The Types of Rest We Need

By Meryl Herr

August 14, 2023

Article, De Pree Journal, Marketplace Leaders, Rest

I don’t know about you, but when I think of rest, my brain starts conjuring up images of my weighted blanket, a cabin in the woods, a rocking chair on a screened-in porch, and the beach. That’s because I often associate rest with sleep or vacation; rest is about ceasing my daily activities or my daily work. 

In her TEDxAtlanta talk, Dr. Saundra Dalton-Smith says that we actually need seven different types of rest:

  • Physical
  • Mental
  • Sensory
  • Creative
  • Emotional
  • Social
  • Spiritual

We were curious to learn about the types of rest you need. So in July 2023, we conducted a simple survey to find out. Sixty-seven people completed the survey–54 women and 13 men. Just over half of the respondents were 60 years or older. Here’s what we learned.

Physical Rest Comes Easiest for Many

We asked which of the seven types of rest comes easiest. Physical rest topped the chart. The data also indicated that mental and emotional rest may be the most difficult to find.

Most Needed Rest: Mental and Emotional

We also asked which type of rest people most needed in this season. They responded to this question by ranking the seven types from most needed to least needed. The results revealed that mental and emotional rest are needed more than the other types. Four out of five respondents ranked mental rest in their top three most needed types of rest. Over two-thirds ranked emotional rest in their top three. By comparison, only two out of five ranked physical rest in their top three.

Obstacles to Getting the Rest We Need

Getting the rest we need isn’t easy. We asked, “What is the single biggest obstacle to getting the rest you most need in this season?” Responses fell into a few broad categories.


Busyness was the single biggest obstacle to getting adequate rest. Respondents have a lot of responsibilities from work to parenting. One person said the “demands of daily living” were their biggest obstacle. Another said that they’re “constantly on the go.” In short, many people felt like they simply didn’t have time to get the rest they needed most. 

Lack of Self-Discipline

Several respondents said that they, themselves, were their biggest obstacle. They realize they struggle to prioritize their needs for rest, have trouble turning off their minds, or lack the desire or motivation. One person admitted that their problem was plain laziness. 

Physical Limitations

Others ran up against limitations, particularly physical ones. Some people are ironically just too tired to get the rest they need. Two people mentioned needing consistent restful sleep. (I wonder if any of them are parenting young children.) One person admitted not having the physical strength to get the rest they need. Another mentioned health limitations.

Relational Limitations

A handful of respondents mentioned relational limitations including having access to their “tribe.” Some are navigating relational conflict. One individual noted that loneliness was their biggest obstacle.

Finally, a few respondents mentioned work stress, fear, and anxiety as obstacles to getting the rest they need.

Getting the Rest We Need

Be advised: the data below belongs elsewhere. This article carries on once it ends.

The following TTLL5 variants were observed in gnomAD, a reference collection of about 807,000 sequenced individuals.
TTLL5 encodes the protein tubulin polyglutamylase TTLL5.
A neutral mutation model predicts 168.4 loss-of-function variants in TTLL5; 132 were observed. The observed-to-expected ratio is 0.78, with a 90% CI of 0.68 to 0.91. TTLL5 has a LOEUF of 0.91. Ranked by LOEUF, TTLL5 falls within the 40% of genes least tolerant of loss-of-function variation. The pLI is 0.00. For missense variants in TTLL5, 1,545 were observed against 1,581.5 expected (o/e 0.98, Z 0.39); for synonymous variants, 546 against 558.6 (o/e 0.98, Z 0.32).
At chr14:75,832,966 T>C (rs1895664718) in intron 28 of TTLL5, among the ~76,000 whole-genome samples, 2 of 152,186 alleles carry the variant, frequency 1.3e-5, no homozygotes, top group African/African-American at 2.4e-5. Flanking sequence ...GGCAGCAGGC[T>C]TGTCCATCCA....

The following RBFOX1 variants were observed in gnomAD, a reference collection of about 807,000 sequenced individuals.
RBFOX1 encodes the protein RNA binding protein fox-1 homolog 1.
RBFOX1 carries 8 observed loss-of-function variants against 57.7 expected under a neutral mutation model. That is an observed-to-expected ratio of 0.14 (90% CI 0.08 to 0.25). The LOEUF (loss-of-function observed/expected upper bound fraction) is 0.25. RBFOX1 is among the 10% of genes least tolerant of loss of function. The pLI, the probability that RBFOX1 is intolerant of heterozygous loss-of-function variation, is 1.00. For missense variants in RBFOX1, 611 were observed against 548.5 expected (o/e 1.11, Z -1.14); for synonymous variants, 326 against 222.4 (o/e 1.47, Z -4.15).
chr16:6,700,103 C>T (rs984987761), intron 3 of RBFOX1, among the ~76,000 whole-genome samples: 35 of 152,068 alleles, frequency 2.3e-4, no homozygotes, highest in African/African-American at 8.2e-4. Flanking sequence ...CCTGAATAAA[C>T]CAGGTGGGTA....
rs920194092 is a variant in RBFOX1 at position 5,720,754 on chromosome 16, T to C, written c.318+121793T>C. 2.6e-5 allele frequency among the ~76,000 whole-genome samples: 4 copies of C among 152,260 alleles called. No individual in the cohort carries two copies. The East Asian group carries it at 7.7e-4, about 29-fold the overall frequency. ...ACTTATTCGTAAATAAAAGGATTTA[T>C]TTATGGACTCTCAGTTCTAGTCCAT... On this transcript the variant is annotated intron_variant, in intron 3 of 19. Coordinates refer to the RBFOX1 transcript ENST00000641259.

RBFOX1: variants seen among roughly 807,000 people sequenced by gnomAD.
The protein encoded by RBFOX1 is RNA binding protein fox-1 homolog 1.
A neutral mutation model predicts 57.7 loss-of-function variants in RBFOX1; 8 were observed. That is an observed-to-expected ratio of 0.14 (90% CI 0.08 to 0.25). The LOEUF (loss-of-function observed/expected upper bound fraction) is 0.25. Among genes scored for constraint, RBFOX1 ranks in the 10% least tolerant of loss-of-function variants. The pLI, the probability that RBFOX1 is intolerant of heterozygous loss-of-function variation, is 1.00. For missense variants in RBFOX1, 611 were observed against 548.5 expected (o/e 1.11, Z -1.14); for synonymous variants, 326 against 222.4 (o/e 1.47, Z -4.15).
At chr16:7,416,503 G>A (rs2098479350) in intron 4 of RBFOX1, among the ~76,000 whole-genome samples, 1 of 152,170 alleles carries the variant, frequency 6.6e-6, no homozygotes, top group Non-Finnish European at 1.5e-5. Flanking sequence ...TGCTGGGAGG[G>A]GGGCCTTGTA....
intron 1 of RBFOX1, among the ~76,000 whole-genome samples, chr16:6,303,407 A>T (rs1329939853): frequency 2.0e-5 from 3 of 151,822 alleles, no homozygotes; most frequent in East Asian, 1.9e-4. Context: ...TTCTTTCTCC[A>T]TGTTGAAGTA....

This survey had a small sample size; therefore, we can’t generalize the results to all people everywhere. But the findings can help us examine our own needs for rest, particularly mental and emotional rest. If you need mental rest, consider taking microbreaks throughout the day. If you need some ideas, check out the ones I included in this article on ways to manage stress. Beyond the microbreaks, maybe you can find pockets of mental rest in other moments of your day. I love reading popular fiction in the evenings because it helps my brain downshift after a long day of analysis, strategic thinking, or highly-detailed work.

When it comes to emotional rest, Dr. Dalton-Smith recommends finding time to express your emotions—to feel your feels. Journaling can help. Several leaders we interviewed in our recent research study mentioned journaling as a vital part of their growth and development. Not sure where to start with journaling? Check out this article. And if you’re picky about your paper and need something quality to hold your questions and quandaries, here are two of my favorites: the PAPERAGE journal and the ZenART journal. (Don’t worry, these aren’t affiliate links.)

And for those of us who lack the self-discipline to go after the rest we so desperately need, let’s remember that small changes over time can add up. I’m reminded of how James Clear describes incremental change in his book Atomic Habits. He talks about continuous 1% improvements. What would it look like to invest a little more time and effort into getting the rest you need each week? Perhaps you start with two, five-minute microbreaks tomorrow and work up to two, ten-minute microbreaks by the end of the month. Maybe you start with five minutes of journaling before you go to bed this week and bump it up to six next week. See what happens. Maybe the rest you get from starting small will give you the momentum you need to keep going.

Banner image by Priscilla du Preez on Unsplash.

Meryl Herr

Director of Research and Resources

Dr. Meryl Herr is the Director of Research and Resources at the Max De Pree Center for Leadership where she designs and conducts research studies that add to the understanding of what helps marketplace leaders flourish. She also oversees the team’s efforts to convert research findings into r...

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